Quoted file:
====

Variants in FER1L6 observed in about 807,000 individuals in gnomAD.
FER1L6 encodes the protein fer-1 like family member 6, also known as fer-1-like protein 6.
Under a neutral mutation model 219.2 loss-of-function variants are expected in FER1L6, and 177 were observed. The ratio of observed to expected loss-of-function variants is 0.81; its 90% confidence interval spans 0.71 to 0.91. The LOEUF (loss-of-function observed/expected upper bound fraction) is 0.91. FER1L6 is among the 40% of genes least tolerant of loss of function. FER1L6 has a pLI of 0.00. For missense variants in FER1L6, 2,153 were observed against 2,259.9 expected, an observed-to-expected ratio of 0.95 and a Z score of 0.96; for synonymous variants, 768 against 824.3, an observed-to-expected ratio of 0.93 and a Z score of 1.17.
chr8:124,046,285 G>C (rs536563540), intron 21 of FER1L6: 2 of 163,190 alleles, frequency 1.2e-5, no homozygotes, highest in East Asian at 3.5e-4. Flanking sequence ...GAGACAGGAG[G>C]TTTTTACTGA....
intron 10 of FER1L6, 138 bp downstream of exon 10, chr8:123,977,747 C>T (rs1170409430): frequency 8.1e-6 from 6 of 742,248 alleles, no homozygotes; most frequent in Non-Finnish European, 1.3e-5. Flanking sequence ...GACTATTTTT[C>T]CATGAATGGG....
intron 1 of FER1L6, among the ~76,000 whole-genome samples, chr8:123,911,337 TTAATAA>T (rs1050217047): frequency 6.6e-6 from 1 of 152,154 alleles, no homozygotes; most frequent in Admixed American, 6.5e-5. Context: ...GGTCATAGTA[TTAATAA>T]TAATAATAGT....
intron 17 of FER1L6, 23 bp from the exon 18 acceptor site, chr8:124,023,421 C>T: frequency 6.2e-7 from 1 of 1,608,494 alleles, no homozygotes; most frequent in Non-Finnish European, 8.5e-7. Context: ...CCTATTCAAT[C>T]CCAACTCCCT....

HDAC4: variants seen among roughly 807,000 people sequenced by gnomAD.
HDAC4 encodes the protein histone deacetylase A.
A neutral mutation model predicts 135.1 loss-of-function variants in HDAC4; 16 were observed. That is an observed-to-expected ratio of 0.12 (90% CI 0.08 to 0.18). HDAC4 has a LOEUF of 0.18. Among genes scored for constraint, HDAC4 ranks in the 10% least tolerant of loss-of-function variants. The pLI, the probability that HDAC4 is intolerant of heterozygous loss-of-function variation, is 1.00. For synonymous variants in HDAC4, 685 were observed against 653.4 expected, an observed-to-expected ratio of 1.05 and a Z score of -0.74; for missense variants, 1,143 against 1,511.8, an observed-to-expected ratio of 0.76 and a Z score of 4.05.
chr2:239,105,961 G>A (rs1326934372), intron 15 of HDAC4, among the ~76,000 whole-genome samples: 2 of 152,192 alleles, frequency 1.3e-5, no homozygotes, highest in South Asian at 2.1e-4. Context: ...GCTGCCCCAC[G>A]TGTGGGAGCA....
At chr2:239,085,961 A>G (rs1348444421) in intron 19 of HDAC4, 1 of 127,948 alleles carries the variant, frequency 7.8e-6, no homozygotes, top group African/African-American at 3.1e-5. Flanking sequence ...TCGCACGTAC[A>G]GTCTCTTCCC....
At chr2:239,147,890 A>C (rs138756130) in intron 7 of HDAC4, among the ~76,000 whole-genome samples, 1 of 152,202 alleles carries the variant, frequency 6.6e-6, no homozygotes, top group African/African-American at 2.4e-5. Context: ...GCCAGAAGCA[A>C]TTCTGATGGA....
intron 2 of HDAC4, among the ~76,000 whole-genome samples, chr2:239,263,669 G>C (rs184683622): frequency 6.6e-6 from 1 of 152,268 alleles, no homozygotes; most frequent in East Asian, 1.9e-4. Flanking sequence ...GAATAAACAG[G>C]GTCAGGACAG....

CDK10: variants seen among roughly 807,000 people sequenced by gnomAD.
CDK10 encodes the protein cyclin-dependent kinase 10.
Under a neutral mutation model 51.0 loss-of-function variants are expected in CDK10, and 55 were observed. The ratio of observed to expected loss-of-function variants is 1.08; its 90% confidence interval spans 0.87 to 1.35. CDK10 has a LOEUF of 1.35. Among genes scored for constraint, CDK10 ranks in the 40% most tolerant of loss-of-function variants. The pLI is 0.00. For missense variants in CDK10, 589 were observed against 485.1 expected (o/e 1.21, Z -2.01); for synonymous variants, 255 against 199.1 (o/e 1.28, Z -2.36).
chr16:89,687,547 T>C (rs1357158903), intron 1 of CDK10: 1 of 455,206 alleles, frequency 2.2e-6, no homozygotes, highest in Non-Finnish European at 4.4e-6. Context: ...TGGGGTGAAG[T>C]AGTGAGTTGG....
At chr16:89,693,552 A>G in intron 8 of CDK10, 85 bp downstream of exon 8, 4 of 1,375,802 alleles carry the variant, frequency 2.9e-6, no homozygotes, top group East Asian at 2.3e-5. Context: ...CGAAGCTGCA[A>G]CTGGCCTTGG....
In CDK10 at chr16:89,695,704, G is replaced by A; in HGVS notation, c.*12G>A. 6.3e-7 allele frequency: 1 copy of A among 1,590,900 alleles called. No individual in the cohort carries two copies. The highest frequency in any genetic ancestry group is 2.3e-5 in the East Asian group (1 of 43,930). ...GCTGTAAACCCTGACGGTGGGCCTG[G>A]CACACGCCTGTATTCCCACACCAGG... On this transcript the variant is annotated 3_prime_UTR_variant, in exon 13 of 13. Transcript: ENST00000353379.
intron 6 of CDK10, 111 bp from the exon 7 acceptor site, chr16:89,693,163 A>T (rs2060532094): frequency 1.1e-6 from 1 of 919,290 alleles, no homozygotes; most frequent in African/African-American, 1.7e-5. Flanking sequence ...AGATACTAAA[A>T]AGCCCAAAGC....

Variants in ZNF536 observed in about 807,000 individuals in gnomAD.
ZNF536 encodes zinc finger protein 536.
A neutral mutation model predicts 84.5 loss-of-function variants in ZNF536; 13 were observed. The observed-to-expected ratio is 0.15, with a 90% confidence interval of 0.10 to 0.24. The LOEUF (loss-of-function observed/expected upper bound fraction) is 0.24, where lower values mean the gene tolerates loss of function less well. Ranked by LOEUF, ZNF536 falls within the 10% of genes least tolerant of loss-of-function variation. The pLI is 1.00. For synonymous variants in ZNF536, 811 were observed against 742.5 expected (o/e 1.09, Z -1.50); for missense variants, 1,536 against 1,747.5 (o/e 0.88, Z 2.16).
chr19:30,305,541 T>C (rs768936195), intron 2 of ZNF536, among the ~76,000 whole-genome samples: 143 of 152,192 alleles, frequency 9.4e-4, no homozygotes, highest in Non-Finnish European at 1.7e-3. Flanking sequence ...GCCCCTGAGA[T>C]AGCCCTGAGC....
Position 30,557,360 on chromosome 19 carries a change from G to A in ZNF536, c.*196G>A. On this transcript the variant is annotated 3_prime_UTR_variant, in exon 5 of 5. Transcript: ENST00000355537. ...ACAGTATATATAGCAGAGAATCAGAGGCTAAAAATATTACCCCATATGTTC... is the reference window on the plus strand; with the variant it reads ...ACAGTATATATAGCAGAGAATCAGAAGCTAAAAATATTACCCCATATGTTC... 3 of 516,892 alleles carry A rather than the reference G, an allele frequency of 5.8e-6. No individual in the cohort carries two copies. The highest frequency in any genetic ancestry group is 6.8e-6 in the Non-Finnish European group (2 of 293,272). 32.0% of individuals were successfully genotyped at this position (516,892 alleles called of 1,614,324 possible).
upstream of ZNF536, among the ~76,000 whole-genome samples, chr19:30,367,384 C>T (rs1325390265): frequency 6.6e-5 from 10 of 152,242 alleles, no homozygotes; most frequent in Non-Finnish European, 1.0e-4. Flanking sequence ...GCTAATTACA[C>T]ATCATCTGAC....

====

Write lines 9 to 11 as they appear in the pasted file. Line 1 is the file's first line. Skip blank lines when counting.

HDAC4 encodes the protein histone deacetylase A.
A neutral mutation model predicts 135.1 loss-of-function variants in HDAC4; 16 were observed. That is an observed-to-expected ratio of 0.12 (90% CI 0.08 to 0.18). HDAC4 has a LOEUF of 0.18. Among genes scored for constraint, HDAC4 ranks in the 10% least tolerant of loss-of-function variants. The pLI, the probability that HDAC4 is intolerant of heterozygous loss-of-function variation, is 1.00. For synonymous variants in HDAC4, 685 were observed against 653.4 expected, an observed-to-expected ratio of 1.05 and a Z score of -0.74; for missense variants, 1,143 against 1,511.8, an observed-to-expected ratio of 0.76 and a Z score of 4.05.
chr2:239,105,961 G>A (rs1326934372), intron 15 of HDAC4, among the ~76,000 whole-genome samples: 2 of 152,192 alleles, frequency 1.3e-5, no homozygotes, highest in South Asian at 2.1e-4. Context: ...GCTGCCCCAC[G>A]TGTGGGAGCA....